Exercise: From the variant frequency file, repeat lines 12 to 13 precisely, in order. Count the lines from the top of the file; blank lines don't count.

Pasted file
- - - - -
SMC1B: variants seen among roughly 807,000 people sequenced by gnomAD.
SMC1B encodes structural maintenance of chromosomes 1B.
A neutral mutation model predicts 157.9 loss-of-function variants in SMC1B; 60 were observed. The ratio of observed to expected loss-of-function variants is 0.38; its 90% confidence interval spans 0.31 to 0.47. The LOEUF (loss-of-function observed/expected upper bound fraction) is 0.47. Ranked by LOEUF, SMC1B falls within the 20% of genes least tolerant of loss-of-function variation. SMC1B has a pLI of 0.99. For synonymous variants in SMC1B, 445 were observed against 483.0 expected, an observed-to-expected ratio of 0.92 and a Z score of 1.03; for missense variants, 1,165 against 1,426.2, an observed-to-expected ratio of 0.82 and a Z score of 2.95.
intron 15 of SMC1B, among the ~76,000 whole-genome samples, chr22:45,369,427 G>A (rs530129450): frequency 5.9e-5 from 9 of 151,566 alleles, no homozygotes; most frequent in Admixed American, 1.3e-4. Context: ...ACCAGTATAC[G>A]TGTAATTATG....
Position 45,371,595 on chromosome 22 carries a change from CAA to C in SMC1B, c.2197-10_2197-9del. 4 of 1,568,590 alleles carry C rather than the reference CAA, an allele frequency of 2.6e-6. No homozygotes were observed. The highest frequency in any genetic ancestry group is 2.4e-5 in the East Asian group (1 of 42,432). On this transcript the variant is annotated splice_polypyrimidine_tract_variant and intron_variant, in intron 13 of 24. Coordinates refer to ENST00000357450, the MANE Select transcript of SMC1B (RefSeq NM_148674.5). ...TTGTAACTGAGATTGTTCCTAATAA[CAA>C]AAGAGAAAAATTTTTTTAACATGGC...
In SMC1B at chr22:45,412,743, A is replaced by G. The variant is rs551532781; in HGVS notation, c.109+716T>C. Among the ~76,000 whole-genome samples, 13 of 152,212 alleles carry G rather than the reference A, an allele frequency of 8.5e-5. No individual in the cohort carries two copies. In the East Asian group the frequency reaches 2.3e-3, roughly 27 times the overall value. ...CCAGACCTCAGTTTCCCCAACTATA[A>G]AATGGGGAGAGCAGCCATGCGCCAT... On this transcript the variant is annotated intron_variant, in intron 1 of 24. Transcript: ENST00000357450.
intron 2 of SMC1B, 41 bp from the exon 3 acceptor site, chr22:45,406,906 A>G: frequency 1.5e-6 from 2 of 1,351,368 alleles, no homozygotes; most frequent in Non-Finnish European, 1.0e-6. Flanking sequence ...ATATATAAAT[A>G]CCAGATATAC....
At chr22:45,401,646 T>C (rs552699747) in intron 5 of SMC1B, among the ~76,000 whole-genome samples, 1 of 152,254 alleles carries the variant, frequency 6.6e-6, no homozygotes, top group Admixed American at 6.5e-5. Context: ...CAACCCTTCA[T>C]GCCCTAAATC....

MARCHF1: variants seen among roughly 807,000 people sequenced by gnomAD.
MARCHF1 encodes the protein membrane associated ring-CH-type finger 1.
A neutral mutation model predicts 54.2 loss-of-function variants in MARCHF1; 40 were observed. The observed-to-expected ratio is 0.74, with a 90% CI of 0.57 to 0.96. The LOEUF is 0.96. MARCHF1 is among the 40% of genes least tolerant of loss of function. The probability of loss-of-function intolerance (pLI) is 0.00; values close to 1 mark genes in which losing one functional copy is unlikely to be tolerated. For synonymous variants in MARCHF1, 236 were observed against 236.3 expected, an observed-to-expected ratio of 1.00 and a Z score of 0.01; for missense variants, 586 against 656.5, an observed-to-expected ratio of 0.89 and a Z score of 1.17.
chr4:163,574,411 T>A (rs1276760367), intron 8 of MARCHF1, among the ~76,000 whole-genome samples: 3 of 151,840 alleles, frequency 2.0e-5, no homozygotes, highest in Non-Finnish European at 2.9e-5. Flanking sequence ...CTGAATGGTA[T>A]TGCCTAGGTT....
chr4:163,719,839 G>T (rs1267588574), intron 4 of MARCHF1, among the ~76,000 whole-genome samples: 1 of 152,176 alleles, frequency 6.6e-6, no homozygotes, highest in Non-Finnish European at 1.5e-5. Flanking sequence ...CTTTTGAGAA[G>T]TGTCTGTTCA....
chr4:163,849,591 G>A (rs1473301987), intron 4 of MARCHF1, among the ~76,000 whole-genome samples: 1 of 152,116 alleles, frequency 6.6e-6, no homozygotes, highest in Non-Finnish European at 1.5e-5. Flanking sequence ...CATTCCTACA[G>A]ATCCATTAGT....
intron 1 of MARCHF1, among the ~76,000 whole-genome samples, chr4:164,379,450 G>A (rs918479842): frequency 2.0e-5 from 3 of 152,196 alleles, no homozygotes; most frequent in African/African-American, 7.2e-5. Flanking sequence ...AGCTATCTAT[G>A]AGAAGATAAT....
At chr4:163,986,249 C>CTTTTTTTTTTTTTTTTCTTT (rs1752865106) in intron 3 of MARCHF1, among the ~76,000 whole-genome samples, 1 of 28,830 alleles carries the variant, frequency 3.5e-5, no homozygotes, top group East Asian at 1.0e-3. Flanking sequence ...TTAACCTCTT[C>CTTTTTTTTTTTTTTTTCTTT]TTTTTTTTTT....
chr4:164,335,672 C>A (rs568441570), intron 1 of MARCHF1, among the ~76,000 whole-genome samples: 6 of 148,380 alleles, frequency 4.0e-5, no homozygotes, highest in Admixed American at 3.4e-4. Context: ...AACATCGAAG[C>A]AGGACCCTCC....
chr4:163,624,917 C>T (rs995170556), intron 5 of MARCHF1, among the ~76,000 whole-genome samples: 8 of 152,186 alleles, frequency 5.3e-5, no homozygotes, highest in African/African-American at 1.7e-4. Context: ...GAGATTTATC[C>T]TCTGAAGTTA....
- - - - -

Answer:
chr4:163,574,411 T>A (rs1276760367), intron 8 of MARCHF1, among the ~76,000 whole-genome samples: 3 of 151,840 alleles, frequency 2.0e-5, no homozygotes, highest in Non-Finnish European at 2.9e-5. Flanking sequence ...CTGAATGGTA[T>A]TGCCTAGGTT....
chr4:163,719,839 G>T (rs1267588574), intron 4 of MARCHF1, among the ~76,000 whole-genome samples: 1 of 152,176 alleles, frequency 6.6e-6, no homozygotes, highest in Non-Finnish European at 1.5e-5. Flanking sequence ...CTTTTGAGAA[G>T]TGTCTGTTCA....